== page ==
Traffic Monitoring in Safety-Critical Environments
September 24, 2015
About the Presentation
While the field of traffic monitoring has advanced rapidly over the past several years due to decreasing costs for sensing, communication, and computation, a few significant gaps remain. This presentation described new approaches for monitoring traffic in safety-critical environments ranging from temporary events to city-scale disasters.
First, the seminar explored the challenges of sensing traffic conditions caused by temporary activities such as sporting events and highway work zones. Due to the unique features of these congestion triggers, real-time data streams are needed to better understand traffic. Two sensing systems are in development in Illinois. Second, the seminar linked the traffic state estimation problem with the traffic incident detection problem, resulting in a unified framework to solve both problems simultaneously.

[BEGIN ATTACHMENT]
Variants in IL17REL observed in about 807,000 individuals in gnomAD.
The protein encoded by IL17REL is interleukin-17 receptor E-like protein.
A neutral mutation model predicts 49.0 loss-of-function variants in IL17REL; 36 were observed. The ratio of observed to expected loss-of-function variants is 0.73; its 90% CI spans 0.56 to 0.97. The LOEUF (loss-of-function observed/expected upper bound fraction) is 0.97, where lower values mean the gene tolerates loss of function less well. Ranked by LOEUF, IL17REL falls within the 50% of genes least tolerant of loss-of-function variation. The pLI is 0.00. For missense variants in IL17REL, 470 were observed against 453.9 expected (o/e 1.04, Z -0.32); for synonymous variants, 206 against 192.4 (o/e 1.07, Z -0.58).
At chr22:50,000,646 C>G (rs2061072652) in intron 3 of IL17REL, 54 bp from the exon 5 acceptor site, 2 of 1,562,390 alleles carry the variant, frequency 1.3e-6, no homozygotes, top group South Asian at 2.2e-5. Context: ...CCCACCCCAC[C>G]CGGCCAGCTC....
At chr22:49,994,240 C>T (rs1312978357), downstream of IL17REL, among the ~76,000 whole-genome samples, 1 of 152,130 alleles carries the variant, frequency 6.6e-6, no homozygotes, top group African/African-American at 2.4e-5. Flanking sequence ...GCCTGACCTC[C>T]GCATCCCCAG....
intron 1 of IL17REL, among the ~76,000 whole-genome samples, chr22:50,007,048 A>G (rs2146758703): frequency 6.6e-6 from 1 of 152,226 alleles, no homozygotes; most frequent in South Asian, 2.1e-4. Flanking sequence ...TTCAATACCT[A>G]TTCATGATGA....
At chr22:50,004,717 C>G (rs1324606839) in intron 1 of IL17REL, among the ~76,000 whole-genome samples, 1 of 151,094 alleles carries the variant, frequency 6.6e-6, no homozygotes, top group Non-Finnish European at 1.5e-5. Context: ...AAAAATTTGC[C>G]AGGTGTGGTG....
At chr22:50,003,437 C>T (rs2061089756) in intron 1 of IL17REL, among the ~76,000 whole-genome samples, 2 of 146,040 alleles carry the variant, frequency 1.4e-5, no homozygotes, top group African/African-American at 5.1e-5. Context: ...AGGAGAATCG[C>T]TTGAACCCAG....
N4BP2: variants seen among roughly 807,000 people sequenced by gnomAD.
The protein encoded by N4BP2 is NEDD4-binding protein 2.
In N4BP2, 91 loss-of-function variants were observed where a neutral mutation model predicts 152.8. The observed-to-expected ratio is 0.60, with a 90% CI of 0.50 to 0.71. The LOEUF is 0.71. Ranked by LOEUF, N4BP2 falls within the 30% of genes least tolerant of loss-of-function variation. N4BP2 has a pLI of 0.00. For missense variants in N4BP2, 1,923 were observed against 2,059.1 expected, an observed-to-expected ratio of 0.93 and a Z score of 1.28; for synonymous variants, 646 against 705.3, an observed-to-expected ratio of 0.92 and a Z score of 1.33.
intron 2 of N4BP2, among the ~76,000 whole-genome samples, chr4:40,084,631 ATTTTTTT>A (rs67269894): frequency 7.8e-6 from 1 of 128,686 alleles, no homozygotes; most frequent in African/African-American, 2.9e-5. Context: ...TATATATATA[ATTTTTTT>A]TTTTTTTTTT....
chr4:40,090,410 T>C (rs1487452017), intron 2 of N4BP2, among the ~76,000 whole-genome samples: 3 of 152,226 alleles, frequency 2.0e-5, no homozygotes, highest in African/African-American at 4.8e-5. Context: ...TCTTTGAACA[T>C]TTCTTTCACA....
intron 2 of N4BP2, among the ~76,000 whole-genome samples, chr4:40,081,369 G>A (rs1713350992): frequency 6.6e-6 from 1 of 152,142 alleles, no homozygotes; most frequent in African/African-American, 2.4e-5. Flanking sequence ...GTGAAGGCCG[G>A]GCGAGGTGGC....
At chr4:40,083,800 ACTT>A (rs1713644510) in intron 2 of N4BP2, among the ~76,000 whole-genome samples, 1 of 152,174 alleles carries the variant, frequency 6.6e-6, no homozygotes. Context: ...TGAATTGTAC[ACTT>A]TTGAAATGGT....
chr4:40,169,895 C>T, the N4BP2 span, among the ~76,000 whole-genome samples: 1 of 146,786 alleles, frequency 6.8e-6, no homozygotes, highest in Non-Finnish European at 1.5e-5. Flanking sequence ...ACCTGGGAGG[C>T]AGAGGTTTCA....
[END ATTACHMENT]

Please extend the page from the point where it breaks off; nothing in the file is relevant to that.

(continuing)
Last, the seminar presented a solution for quantifying the resilience of the city-scale traffic network to extreme events such as natural disasters. Using GPS data from taxis, the method computes the historical pace distribution between various regions of a city and measures the pace deviations during an unusual event. An analysis indicates that Hurricane Sandy affected traffic conditions for more than five days.
About the Speaker
Daniel Work is an assistant professor in the Department of Civil and Environmental Engineering, the Department of Electrical and Computer Engineering (courtesy), and the Coordinated Science Laboratory at the University of Illinois at Urbana-Champaign. His research interests are control, estimation, and optimization of transportation systems, mobile sensing, and inverse modeling & data assimilation.